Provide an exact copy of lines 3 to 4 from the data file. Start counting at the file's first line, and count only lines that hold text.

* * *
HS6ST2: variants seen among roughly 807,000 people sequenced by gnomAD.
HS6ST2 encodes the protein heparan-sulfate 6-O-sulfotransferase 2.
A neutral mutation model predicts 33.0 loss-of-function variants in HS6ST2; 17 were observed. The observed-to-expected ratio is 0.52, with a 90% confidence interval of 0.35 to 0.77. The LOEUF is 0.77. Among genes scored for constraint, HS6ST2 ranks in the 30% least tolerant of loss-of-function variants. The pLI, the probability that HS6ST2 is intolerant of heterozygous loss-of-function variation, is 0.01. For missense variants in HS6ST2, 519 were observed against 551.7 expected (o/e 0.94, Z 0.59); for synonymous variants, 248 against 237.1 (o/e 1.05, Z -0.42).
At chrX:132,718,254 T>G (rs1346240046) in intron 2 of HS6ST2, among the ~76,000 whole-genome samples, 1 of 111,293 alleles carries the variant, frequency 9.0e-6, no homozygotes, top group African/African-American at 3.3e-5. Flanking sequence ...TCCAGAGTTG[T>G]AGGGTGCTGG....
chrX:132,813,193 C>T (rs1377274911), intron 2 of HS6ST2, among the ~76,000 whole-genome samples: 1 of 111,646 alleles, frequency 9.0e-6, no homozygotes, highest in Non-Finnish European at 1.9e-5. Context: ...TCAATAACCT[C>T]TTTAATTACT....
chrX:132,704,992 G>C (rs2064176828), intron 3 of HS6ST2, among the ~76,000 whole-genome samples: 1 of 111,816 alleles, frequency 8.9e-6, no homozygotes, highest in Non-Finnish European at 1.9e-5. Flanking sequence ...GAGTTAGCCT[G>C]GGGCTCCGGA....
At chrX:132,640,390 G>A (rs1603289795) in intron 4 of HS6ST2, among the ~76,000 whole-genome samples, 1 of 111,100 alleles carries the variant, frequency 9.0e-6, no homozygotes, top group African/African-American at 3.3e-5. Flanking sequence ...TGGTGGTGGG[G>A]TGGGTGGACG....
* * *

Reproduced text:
A neutral mutation model predicts 33.0 loss-of-function variants in HS6ST2; 17 were observed. The observed-to-expected ratio is 0.52, with a 90% confidence interval of 0.35 to 0.77. The LOEUF is 0.77. Among genes scored for constraint, HS6ST2 ranks in the 30% least tolerant of loss-of-function variants. The pLI, the probability that HS6ST2 is intolerant of heterozygous loss-of-function variation, is 0.01. For missense variants in HS6ST2, 519 were observed against 551.7 expected (o/e 0.94, Z 0.59); for synonymous variants, 248 against 237.1 (o/e 1.05, Z -0.42).
At chrX:132,718,254 T>G (rs1346240046) in intron 2 of HS6ST2, among the ~76,000 whole-genome samples, 1 of 111,293 alleles carries the variant, frequency 9.0e-6, no homozygotes, top group African/African-American at 3.3e-5. Flanking sequence ...TCCAGAGTTG[T>G]AGGGTGCTGG....